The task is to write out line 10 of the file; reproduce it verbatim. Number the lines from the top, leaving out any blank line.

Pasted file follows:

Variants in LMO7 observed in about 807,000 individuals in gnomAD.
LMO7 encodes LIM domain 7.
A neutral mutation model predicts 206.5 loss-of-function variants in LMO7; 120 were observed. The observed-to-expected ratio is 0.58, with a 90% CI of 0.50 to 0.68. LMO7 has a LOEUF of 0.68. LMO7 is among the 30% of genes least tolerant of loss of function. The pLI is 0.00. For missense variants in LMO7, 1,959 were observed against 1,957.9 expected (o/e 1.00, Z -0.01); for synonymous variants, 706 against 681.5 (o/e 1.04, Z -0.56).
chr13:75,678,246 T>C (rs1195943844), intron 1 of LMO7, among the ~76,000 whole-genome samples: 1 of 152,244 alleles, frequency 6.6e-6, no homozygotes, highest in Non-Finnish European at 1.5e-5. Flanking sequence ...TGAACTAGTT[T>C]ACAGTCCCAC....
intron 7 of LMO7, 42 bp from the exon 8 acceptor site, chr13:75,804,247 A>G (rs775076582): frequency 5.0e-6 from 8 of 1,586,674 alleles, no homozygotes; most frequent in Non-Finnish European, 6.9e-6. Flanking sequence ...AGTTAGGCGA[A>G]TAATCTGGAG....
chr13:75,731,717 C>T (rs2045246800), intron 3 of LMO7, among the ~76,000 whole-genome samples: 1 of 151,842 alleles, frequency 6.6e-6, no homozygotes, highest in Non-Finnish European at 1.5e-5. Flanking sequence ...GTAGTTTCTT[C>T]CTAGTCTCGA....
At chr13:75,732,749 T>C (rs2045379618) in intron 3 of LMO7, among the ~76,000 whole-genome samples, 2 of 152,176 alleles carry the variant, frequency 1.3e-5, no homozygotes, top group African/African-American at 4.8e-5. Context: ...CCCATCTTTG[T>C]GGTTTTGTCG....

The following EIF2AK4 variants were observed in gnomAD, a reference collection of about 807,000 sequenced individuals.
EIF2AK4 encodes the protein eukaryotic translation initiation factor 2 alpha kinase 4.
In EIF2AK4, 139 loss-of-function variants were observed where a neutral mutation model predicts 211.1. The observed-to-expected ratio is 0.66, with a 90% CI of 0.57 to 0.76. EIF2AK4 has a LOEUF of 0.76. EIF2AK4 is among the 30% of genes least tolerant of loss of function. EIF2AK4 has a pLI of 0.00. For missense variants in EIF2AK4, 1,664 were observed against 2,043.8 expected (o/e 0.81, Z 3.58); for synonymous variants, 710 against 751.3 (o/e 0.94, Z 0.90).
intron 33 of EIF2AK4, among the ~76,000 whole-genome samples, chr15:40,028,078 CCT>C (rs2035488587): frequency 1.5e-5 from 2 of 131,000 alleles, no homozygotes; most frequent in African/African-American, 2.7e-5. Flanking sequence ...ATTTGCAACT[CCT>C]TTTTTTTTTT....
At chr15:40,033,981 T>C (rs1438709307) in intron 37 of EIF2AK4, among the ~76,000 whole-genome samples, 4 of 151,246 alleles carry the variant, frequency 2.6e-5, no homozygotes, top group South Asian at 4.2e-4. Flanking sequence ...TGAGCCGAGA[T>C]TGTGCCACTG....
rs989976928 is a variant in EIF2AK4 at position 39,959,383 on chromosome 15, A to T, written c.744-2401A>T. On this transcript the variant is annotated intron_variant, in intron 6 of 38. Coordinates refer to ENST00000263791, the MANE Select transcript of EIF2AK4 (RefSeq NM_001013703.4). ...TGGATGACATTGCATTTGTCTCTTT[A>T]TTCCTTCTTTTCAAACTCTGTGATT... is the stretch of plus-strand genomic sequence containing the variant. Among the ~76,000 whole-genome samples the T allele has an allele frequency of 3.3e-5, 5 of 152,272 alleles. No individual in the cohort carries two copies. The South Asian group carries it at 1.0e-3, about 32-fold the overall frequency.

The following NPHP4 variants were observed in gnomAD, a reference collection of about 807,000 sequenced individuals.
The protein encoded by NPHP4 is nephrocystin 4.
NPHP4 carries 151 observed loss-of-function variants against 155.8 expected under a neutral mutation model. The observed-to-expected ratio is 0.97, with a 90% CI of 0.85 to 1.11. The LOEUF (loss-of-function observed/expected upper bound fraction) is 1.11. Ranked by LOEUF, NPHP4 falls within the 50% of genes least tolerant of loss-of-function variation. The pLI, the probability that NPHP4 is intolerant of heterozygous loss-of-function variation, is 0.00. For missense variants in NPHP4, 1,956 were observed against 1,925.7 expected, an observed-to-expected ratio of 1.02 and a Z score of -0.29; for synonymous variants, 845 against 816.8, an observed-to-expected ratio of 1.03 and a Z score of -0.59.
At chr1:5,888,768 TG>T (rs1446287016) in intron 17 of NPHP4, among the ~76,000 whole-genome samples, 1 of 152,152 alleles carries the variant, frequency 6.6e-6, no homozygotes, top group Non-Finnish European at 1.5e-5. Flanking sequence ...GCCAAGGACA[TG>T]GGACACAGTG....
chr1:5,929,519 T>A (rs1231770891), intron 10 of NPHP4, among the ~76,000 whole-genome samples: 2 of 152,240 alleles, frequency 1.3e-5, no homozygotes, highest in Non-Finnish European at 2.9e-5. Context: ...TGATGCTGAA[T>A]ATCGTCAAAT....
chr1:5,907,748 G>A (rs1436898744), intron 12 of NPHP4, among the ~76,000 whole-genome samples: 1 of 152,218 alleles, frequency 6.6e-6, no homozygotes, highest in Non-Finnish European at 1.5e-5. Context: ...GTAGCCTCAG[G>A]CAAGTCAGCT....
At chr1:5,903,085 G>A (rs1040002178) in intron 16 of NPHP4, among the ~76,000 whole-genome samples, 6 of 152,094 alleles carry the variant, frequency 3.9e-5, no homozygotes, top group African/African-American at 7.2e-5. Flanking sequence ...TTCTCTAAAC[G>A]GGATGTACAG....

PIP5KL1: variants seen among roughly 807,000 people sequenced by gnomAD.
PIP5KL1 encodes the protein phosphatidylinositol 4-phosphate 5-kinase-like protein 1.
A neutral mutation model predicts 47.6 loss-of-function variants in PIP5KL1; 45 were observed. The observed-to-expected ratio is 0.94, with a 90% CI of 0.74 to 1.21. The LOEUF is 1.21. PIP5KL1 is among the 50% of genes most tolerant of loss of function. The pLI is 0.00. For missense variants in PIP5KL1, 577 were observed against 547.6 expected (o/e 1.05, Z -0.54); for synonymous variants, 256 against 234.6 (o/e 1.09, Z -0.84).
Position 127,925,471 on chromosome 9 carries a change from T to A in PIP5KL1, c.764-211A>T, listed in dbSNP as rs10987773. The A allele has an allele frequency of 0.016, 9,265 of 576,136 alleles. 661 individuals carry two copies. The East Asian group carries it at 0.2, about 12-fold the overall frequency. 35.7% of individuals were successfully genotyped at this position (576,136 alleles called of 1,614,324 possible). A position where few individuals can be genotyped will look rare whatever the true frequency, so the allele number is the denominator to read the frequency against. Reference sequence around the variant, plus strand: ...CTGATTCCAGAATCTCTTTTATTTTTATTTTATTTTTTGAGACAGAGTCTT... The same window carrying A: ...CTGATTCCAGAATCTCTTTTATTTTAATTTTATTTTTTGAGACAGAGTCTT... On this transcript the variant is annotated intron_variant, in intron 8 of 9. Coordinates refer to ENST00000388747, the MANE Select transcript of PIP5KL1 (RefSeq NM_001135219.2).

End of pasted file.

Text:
In EIF2AK4, 139 loss-of-function variants were observed where a neutral mutation model predicts 211.1. The observed-to-expected ratio is 0.66, with a 90% CI of 0.57 to 0.76. EIF2AK4 has a LOEUF of 0.76. EIF2AK4 is among the 30% of genes least tolerant of loss of function. EIF2AK4 has a pLI of 0.00. For missense variants in EIF2AK4, 1,664 were observed against 2,043.8 expected (o/e 0.81, Z 3.58); for synonymous variants, 710 against 751.3 (o/e 0.94, Z 0.90).